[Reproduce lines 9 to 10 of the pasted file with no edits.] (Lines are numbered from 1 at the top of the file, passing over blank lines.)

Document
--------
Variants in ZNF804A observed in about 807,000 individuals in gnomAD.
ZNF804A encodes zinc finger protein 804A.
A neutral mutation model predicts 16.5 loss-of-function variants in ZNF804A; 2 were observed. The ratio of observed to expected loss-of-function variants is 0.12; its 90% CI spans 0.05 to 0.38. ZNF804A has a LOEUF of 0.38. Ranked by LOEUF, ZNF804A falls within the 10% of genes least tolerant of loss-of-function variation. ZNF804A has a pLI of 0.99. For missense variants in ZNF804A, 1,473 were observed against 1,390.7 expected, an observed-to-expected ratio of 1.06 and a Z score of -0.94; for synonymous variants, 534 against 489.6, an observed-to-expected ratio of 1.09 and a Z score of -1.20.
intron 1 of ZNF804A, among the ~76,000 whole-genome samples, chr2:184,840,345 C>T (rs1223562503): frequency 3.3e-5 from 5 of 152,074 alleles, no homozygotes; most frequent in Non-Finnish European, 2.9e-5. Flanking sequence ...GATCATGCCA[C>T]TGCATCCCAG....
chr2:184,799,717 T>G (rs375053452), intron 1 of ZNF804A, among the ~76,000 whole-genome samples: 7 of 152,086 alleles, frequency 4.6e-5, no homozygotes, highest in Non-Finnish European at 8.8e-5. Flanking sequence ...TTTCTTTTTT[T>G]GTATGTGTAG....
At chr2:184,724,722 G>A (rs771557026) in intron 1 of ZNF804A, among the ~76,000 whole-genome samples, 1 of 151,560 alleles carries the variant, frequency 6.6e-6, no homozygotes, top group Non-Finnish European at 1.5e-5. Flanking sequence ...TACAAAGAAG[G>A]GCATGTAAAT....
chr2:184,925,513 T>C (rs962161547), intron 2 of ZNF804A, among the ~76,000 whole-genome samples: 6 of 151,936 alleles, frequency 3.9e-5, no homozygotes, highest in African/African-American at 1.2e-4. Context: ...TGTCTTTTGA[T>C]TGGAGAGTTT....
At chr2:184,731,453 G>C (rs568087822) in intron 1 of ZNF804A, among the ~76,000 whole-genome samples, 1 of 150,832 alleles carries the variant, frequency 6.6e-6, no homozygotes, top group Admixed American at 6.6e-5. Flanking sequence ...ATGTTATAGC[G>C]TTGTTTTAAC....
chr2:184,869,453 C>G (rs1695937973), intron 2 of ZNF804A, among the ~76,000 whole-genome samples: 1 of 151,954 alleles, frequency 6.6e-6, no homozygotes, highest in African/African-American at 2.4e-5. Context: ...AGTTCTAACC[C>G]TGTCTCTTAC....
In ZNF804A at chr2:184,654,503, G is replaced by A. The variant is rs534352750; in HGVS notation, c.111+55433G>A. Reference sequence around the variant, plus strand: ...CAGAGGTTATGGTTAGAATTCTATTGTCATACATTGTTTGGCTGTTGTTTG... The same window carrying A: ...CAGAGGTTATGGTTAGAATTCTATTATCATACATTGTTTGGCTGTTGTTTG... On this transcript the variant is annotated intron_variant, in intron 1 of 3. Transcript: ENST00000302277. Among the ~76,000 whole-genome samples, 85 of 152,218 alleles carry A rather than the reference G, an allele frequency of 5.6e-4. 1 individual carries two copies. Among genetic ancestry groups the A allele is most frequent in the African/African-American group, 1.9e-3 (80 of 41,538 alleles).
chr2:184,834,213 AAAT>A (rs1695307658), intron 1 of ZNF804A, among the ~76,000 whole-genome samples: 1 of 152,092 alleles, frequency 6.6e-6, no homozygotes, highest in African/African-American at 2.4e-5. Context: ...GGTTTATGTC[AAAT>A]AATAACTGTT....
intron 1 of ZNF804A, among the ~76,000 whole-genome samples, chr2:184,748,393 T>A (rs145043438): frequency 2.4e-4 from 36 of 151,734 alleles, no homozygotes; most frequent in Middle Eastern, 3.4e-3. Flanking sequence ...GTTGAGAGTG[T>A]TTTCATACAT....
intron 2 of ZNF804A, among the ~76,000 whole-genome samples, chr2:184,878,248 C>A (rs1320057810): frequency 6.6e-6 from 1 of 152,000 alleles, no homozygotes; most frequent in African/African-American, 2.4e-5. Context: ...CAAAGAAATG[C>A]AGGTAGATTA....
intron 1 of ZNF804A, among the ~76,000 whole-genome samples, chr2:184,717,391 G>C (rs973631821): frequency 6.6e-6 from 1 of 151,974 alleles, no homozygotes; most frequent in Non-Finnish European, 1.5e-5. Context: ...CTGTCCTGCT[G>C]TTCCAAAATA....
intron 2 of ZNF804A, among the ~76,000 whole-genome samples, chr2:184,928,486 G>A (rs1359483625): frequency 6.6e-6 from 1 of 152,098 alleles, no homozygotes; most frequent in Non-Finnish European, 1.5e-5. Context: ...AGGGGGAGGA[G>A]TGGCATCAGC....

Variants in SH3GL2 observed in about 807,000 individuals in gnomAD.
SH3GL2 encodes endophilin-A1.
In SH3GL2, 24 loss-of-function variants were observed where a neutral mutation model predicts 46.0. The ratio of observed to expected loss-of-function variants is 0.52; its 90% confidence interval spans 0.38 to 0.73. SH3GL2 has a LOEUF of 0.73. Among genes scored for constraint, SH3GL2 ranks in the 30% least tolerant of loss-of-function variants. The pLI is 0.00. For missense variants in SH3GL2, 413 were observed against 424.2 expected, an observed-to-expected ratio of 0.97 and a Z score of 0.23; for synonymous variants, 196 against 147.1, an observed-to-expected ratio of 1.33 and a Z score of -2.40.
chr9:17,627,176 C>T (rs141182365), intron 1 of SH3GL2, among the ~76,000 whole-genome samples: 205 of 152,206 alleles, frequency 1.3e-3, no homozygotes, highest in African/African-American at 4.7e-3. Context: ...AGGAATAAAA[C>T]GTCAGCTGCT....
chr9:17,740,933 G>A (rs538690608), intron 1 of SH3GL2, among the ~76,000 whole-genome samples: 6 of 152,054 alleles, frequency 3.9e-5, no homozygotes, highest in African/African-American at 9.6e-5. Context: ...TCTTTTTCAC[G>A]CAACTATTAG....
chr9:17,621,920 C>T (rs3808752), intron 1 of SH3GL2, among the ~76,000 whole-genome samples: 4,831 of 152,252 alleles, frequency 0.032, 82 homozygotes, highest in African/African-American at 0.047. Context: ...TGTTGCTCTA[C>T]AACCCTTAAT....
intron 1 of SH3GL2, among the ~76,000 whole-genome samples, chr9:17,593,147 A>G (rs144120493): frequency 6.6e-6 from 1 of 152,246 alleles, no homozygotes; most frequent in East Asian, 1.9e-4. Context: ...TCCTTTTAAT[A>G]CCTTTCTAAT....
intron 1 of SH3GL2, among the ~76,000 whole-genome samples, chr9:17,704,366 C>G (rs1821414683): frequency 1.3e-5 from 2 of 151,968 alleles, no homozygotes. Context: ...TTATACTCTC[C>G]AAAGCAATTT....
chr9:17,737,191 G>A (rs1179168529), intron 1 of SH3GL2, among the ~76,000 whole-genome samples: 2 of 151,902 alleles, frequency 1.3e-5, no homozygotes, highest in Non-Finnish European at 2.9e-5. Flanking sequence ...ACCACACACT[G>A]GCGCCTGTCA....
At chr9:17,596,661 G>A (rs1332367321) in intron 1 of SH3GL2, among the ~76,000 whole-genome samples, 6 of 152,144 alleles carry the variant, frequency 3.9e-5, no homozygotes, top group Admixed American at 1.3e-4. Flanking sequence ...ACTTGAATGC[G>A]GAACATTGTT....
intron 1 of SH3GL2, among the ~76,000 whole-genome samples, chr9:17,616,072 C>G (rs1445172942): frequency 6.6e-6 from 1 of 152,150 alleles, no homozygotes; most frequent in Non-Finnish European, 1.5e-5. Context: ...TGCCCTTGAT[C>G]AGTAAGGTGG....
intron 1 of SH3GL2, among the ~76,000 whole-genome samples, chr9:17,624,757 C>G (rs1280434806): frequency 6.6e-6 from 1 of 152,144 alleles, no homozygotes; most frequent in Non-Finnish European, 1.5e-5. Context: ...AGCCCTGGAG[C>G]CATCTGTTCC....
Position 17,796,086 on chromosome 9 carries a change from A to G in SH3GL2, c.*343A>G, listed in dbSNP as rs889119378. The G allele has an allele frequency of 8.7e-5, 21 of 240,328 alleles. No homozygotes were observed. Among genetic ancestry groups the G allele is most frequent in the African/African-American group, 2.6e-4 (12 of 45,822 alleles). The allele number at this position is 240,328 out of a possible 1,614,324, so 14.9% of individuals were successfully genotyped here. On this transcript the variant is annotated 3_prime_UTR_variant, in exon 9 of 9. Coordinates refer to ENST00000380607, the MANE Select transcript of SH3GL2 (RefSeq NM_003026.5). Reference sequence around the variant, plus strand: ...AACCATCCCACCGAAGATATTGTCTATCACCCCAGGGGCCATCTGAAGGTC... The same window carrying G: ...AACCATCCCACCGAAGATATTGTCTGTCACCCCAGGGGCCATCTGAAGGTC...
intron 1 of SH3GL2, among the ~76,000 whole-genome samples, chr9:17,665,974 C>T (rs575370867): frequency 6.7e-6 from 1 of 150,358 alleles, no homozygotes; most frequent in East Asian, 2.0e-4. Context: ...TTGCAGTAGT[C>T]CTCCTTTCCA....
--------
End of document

chr2:184,869,453 C>G (rs1695937973), intron 2 of ZNF804A, among the ~76,000 whole-genome samples: 1 of 151,954 alleles, frequency 6.6e-6, no homozygotes, highest in African/African-American at 2.4e-5. Context: ...AGTTCTAACC[C>G]TGTCTCTTAC....
In ZNF804A at chr2:184,654,503, G is replaced by A. The variant is rs534352750; in HGVS notation, c.111+55433G>A. Reference sequence around the variant, plus strand: ...CAGAGGTTATGGTTAGAATTCTATTGTCATACATTGTTTGGCTGTTGTTTG... The same window carrying A: ...CAGAGGTTATGGTTAGAATTCTATTATCATACATTGTTTGGCTGTTGTTTG... On this transcript the variant is annotated intron_variant, in intron 1 of 3. Transcript: ENST00000302277. Among the ~76,000 whole-genome samples, 85 of 152,218 alleles carry A rather than the reference G, an allele frequency of 5.6e-4. 1 individual carries two copies. Among genetic ancestry groups the A allele is most frequent in the African/African-American group, 1.9e-3 (80 of 41,538 alleles).